Passamaquoddy Group’s LNG Suit Against BIA Moves Forward
By Gale Courey Toensing, Indian Country Today, Oneida, N.Y.
Jul. 16–BANGOR, Maine — A lawsuit filed against the BIA almost three years ago by a group of Passamaquoddy Indians opposing the construction of a liquefied natural gas terminal on the tribe’s coastal land has taken a step toward resolution.
Attorneys for the group Nulankeyutmonen Nkihtaqmikon (We Take Care of Our Land) and several others from the Pleasant Point Passamaquoddy Indian community attended a hearing in U.S. District Court in Bangor in front of Judge John Woodcock July 1.
Woodcock heard arguments on two motions filed by the Passamaquoddy group and one motion for dismissal of the lawsuit filed by the BIA’s attorneys.
The long-standing legal conflict is rooted in a May 2005 50-year lease agreement between the tribal government and Quoddy Bay LLC, an Oklahoma developer seeking to construct an LNG terminal on three-quarters of an acre of tribal land at Split Rock on Passamaquoddy Bay. The lease included four distinct phases: permitting, construction, operations, and removal and remediation.
The BIA approved the lease June 1, 2005, “solely for the site investigation required for the federal Energy Regulatory Commission permitting process in the development of an environmental impact statement,” according to court documents. The BIA said that the site investigation did not require an EIS before the lease was approved, and that continuing the lease would be contingent on FERC approval.
But Nulankeyutmonen Nkihtaqmikon members sued the BIA in November 2005, and during the course of the government’s first appeal to dismiss the lawsuit, the BIA conceded that in approving the lease it had actually approved the entire LNG project.
Members say the LNG project would permanently change the Split Rock site from a natural beach area with historical, cultural, religious and recreational significance to an industrial zone that would not be accessible to them. They live on tribal land within a mile of Split Rock and use the land for traditional tribal ceremonies, community events and recreation.
Their lawsuit alleges that the BIA failed to comply with federal laws in approving the lease, and argues that the lease was entered into without proper community input.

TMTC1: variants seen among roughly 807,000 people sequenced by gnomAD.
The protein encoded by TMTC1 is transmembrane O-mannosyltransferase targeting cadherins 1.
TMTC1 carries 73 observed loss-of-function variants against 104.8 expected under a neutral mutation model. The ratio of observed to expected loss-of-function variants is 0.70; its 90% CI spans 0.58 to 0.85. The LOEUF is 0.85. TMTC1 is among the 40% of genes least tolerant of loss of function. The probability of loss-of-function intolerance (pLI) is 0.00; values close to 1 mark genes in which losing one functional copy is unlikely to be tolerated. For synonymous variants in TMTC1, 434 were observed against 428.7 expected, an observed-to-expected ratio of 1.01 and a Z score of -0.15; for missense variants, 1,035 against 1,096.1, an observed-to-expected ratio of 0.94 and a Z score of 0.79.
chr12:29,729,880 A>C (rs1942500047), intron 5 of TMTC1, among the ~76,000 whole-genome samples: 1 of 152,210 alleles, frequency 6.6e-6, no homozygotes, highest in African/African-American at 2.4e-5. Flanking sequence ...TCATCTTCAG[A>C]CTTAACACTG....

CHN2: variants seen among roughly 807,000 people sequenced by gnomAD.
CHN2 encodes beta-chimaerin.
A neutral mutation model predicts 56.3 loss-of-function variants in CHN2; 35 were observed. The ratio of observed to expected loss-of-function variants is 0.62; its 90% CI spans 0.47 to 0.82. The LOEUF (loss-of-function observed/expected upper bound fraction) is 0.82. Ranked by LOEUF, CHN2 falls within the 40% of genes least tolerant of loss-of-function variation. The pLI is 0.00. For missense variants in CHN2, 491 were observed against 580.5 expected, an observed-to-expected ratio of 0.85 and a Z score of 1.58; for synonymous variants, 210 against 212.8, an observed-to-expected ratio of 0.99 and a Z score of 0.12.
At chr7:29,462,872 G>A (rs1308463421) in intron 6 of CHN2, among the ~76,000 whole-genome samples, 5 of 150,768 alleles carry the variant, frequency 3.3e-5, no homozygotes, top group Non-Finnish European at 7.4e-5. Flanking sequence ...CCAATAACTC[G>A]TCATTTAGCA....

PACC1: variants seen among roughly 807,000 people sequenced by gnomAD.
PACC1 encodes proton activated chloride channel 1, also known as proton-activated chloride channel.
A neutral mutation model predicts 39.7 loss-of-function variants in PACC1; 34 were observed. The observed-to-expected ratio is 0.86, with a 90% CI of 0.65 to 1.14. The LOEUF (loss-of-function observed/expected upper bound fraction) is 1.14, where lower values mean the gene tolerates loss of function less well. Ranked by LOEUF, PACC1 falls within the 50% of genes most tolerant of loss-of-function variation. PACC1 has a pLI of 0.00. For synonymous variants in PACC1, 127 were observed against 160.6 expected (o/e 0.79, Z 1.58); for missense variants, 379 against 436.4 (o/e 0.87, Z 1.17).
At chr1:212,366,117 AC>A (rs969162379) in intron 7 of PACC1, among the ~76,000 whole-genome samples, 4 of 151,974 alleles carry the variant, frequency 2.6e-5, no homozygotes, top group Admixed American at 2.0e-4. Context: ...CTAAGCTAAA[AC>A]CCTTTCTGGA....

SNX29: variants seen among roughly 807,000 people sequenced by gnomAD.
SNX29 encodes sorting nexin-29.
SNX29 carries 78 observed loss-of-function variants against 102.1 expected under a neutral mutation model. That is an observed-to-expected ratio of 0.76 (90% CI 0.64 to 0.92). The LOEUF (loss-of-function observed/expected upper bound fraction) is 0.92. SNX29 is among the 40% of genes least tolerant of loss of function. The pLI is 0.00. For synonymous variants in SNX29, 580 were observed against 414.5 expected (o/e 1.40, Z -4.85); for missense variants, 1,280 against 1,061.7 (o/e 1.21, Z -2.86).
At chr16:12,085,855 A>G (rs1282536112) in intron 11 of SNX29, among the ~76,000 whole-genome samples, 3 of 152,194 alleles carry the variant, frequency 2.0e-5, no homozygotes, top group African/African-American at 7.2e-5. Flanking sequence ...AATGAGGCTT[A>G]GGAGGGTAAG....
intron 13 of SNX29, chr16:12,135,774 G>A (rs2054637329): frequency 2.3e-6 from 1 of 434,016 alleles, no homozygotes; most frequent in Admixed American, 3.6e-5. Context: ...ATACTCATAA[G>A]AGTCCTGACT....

“Before approving the lease, BIA failed to prepare an environmental impact statement, failed to consult with the National Marine Fisheries Service about impacts on endangered whales, failed to consult with the tribal historic preservation officer about cultural impacts, and failed to analyze the fair market value of the lease. We are asking the court for an order setting aside BIA’s lease approval and directing BIA to fully comply with all applicable federal laws,” the group wrote in a media release in late June.
“Our ultimate objective is to reopen the lease decision and provide an opportunity for all tribal members to vote on whether this project is truly in the best interests of the community based on sound environmental and economic information.”
The BIA initially moved to dismiss the lawsuit based on a lacked standing and the case wasn’t “ripe” for review. Woodcock ruled in the BIA’s favor; but last September, a three-judge panel of the 1st Circuit Court of Appeals reversed his decision and remanded the case the federal court.
Now the government lawyers have moved to dismiss the case based on the issue of “exhaustion” — a claim that the Passamaquoddy group should have exhausted all avenues of administrative appeal by taking their complaint to the Interior Board of Indian Appeals before lodging their lawsuit in court, said Teresa Clemmer, the Passamaquoddy group’s attorney. Clemmer is connected with the Environmental and Natural Resources Law Clinic at the Vermont Law School in South Royalton, Vt. The BIA’s attorneys are with the Justice Department.
But Woodcock expressed some concern about the long delays in the case and indicated that the case could move forward by the end of the year.
“We’re hopeful the judge will allow us to get to the merits of the case and deny the government’s motion to dismiss on this exhaustion issue,” Clemmer said.
Woodcock heard arguments in the group’s request to submit new documents into the case concerning the potential environmental impacts on water quality, bald eagles and critical habitats of various endangered or listed species in the area including the right whale.
The judge also considered the group’s request for access to a memo written by Randall Trickey, the BIA’s regional real estate appraiser.
“We think his opinion was very important to the decision [to approve the LNG lease] whether he agreed with it or not. One of the things the BIA failed to do was a fair market appraisal for the lease and they made a determination without having the benefit of a fair market appraisal,” Clemmer said.
The government has withheld the document under the “deliberative process” exemption — a questionable concept that claims an agency’s internal discussions should be free from public scrutiny because it would discourage candor and frankness among public servants when they are advising official decision makers.
The memo was issued the same day as the decision, Clemmer said, “and even assuming it is privileged we think our interest outweighs the privilege.”
If the case moves forward, it will likely be decided on motions for summary judgment. If it is dismissed, the Passamaquoddy group and its attorneys will consider an appeal to the 1st Circuit Court.
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Copyright (c) 2008, Indian Country Today, Oneida, N.Y.
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